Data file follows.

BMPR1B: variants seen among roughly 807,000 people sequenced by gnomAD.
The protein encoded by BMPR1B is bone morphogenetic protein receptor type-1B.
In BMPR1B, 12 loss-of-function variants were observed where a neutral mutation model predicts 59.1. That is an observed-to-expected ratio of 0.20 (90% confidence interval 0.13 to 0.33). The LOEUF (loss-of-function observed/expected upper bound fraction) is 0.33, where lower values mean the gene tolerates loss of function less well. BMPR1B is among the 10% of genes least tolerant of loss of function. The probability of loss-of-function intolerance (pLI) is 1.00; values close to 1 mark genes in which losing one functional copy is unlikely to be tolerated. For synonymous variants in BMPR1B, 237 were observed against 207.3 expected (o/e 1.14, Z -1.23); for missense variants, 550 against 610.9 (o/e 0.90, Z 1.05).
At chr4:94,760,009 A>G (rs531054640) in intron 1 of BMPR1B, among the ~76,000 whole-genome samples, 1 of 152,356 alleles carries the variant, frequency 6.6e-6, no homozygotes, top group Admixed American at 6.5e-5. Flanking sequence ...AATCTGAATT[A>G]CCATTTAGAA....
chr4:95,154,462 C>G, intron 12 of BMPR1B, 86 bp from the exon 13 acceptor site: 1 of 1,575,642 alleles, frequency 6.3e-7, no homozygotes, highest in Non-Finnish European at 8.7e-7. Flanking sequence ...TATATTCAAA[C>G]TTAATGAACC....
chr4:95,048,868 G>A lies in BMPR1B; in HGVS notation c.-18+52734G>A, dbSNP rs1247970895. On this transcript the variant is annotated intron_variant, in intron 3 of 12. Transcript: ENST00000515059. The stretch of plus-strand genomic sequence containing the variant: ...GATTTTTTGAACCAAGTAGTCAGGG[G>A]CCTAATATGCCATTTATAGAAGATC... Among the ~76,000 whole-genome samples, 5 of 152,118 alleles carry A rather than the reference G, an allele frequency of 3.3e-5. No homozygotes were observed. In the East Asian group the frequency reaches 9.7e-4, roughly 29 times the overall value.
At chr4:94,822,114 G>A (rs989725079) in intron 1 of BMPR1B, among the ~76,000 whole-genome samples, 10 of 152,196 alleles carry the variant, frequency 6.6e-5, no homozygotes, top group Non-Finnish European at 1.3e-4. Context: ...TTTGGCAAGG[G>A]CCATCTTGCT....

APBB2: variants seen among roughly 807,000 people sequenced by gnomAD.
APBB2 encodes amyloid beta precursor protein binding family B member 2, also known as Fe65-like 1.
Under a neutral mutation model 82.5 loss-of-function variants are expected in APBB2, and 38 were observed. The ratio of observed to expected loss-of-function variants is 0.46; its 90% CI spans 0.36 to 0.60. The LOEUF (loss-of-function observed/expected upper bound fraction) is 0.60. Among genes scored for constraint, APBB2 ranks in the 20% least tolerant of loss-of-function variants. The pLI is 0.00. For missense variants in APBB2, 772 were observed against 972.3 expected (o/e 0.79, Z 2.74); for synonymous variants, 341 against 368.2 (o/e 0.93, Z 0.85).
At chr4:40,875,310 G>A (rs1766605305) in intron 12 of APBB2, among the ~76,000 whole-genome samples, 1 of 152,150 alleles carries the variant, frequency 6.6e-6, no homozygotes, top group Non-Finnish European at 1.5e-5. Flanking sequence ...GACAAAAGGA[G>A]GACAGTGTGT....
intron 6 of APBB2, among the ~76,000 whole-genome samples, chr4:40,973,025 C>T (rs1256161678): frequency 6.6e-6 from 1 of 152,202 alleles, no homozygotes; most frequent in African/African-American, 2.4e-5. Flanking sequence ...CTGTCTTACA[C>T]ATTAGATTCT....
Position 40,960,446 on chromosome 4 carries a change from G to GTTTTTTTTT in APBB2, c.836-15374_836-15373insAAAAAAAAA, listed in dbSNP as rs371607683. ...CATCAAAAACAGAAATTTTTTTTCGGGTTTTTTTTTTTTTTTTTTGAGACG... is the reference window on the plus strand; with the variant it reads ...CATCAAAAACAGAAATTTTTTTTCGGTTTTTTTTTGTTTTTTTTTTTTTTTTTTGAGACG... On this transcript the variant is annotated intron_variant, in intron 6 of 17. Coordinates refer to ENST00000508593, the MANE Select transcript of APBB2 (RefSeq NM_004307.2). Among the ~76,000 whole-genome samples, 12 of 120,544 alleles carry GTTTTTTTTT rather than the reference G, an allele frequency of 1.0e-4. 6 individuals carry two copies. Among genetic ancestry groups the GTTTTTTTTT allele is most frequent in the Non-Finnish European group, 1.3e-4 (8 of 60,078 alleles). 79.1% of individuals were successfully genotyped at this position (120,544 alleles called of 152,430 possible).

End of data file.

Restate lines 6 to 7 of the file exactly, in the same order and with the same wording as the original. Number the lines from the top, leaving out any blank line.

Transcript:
chr4:95,048,868 G>A lies in BMPR1B; in HGVS notation c.-18+52734G>A, dbSNP rs1247970895. On this transcript the variant is annotated intron_variant, in intron 3 of 12. Transcript: ENST00000515059. The stretch of plus-strand genomic sequence containing the variant: ...GATTTTTTGAACCAAGTAGTCAGGG[G>A]CCTAATATGCCATTTATAGAAGATC... Among the ~76,000 whole-genome samples, 5 of 152,118 alleles carry A rather than the reference G, an allele frequency of 3.3e-5. No homozygotes were observed. In the East Asian group the frequency reaches 9.7e-4, roughly 29 times the overall value.
At chr4:94,822,114 G>A (rs989725079) in intron 1 of BMPR1B, among the ~76,000 whole-genome samples, 10 of 152,196 alleles carry the variant, frequency 6.6e-5, no homozygotes, top group Non-Finnish European at 1.3e-4. Context: ...TTTGGCAAGG[G>A]CCATCTTGCT....